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NEWS: Shock, sadness at cyclist’s death (July 2018)

July 18th, 2018 · 1 Comment

Tragedy results in memorial ride, call for greater safety

By Temi Dada

Cyclists gathered on June 20 at 6.30 p.m. to honour Dalia Chako with one final ride. Among the mourners at the ghost ride were family and friends of Chako, who was killed by a truck at Bloor and St. George streets on June 12.

Chako’s fatal accident was the sixth cycling accident in 10 days in Toronto, and highlighted bike and pedestrian safety across the city.

“I think at the end of the day as the city grows there has to be dedicated infrastructure for cyclists and pedestrians, [or] you won’t be able to handle the amount of traffic a large city produces. It is better to get ahead of the curve before it becomes a bigger issue than it is,” said Skylor Brummans, Chako’s son. He believes that change is paramount for the safety of cyclists in Toronto and hopes that the memorial touches people and encourages them to be more careful on the road.

For others present at the event, protected lanes are not the only thing that will bring an end to the fatal accidents. There needs to be more awareness on the road and education for drivers, cyclists, and pedestrians.

“There is a serious divide between cyclists, pedestrians, and motorists,” said Robert Lawson, who has been a bike courier for about 15 years. “The city councillors and politicians worry about the popular vote; they’re not going to worry about the cyclist and pedestrian issue because there are more cars who pay more taxes. A designated lane is not a protected lane.”

Brummans added that “there needs to be some kind of awareness campaign to do that as well to tell people who are not familiar with it to be more aware when they open their doors or make a right turn”.

Michael Stein, a cyclist and bike technician, said that “education towards drivers is a needed thing. I have actually had a couple of discussions with drivers who have almost hit me and they didn’t understand the rules.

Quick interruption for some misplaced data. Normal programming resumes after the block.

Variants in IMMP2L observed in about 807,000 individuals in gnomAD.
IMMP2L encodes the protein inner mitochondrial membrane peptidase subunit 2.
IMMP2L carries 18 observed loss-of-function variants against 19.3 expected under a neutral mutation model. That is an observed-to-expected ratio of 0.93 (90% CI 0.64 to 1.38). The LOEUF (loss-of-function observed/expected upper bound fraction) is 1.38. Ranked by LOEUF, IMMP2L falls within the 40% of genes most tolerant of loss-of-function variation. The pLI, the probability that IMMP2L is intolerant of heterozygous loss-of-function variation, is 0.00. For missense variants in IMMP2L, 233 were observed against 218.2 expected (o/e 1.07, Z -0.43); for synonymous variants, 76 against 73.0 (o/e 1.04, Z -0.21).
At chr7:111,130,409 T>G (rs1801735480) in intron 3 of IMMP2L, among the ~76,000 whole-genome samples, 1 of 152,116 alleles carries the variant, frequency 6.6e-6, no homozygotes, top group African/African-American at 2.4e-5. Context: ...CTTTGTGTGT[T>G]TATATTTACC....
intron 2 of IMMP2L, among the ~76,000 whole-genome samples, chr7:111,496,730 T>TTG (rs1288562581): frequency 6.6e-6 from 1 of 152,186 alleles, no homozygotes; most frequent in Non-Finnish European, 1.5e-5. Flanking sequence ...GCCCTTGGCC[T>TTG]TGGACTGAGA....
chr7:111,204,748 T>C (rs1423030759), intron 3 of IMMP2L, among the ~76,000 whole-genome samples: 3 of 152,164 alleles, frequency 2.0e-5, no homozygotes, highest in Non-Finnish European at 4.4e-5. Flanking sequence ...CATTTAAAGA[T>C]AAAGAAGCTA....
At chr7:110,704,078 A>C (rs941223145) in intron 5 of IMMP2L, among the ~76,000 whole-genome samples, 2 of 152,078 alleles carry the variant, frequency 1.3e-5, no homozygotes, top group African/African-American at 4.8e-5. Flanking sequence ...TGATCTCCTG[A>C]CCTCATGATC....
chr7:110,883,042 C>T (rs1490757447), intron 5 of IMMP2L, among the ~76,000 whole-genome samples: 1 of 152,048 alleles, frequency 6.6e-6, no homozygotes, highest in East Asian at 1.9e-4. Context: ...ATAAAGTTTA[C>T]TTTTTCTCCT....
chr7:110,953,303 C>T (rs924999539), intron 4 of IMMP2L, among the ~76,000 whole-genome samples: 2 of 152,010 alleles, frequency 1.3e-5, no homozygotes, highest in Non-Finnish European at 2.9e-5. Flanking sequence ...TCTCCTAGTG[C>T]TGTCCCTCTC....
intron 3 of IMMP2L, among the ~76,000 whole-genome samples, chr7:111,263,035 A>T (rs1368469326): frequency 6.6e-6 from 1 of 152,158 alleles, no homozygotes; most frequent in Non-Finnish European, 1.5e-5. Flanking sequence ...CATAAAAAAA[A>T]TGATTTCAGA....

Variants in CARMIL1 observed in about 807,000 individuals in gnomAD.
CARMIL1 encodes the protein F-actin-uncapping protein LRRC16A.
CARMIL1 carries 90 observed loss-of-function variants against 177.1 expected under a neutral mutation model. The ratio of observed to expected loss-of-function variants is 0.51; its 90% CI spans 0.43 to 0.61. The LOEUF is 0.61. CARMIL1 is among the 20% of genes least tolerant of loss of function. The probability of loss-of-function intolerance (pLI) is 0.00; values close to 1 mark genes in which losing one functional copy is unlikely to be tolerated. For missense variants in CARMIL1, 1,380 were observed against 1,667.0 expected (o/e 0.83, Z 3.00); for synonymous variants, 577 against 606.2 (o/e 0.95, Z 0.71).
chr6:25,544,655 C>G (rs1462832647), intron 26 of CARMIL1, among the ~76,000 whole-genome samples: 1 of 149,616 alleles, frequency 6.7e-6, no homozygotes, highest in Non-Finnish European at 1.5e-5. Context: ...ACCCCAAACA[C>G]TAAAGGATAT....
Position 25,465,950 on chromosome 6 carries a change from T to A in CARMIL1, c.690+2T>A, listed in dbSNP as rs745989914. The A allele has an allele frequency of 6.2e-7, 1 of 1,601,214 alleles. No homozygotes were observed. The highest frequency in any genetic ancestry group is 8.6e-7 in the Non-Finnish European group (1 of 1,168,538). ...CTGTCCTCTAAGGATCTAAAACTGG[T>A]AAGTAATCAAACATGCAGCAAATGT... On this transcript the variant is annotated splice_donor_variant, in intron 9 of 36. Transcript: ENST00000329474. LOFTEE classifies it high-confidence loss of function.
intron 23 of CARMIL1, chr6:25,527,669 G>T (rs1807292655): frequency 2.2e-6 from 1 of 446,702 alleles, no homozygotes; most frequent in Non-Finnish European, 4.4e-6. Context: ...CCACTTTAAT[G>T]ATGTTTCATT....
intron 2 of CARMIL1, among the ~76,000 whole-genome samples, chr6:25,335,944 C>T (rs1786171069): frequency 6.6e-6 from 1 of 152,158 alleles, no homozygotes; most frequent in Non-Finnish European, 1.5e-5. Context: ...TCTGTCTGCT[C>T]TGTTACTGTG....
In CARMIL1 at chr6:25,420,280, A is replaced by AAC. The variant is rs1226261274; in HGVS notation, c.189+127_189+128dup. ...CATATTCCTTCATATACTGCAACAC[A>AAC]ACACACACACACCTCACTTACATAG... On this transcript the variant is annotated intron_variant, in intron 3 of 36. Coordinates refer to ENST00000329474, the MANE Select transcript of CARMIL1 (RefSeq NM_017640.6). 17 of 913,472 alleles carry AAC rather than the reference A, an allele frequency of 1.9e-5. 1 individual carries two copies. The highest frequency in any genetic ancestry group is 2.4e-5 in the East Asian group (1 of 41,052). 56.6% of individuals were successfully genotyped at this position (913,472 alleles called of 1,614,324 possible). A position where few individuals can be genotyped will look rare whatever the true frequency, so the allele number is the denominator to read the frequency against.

“They didn’t know [cyclists] are meant to be on the road, but sometimes when you explain the rules to them they understand. There should be awareness for cyclists too because there are some crazy cyclists out there as well.”

Stein, who has been a cyclist in cities like Edmonton, Calgary, Vancouver, and Winnipeg, said that he and his cyclist friends call cycling in Toronto “horizontal skydiving”.

He has had his fair share of bad experiences with drivers in Toronto, where a driver once used his car as a weapon to push him and his bike off the road. Experiences like that and the sudden spurt of accidents prompted him to start wearing a GoPro camera on his head while cycling.

“Over the last couple of weeks I would say [fear for safety on the road] has gotten worse,” Stein said. “I would say Toronto is the scariest city I have biked in. I don’t think the police keep drivers accountable and I don’t think they hold cyclists accountable also; there are some crazy cyclists out there as well.”

He also believes that inclusion of more protected bike lanes would help to make cyclists feel safer on the road.

The Toronto Police Service is still investigating the accident and no charges have been laid so far.

The intersection remains a memorial to Chako: flowers started appearing the day after the accident and a white ghost bike was placed in her memory near the street.



EDITORIAL: City staff ignore bike lanes (July 2018)

NEWS: Bike lanes (March 2018)

CHATTER: Cyclists prey for open doors (Dec. 2017)

NEWS (Nov. 2017): Pilot project becomes permanent

NEWS: Here to stay? (Oct. 2017)

FORUM: A magical new supply of parking spots (October 2017)

EDITORIAL (FALL 2017): Bike lanes, good for business

CHATTER (MARCH 2017): Preliminary data on Bloor Street pilot bike lane released

CHATTER: Ground-breaking bike lanes launch on Bloor Street (August 2016)

NEWS: Bikes blessed for another season (June 2016)

FOCUS: An early advocate for bike lanes (June 2016)

NEWS: Bike lanes for Bloor Street (May 2016)

The faster we lower speeds, the more lives we save (October 2015)

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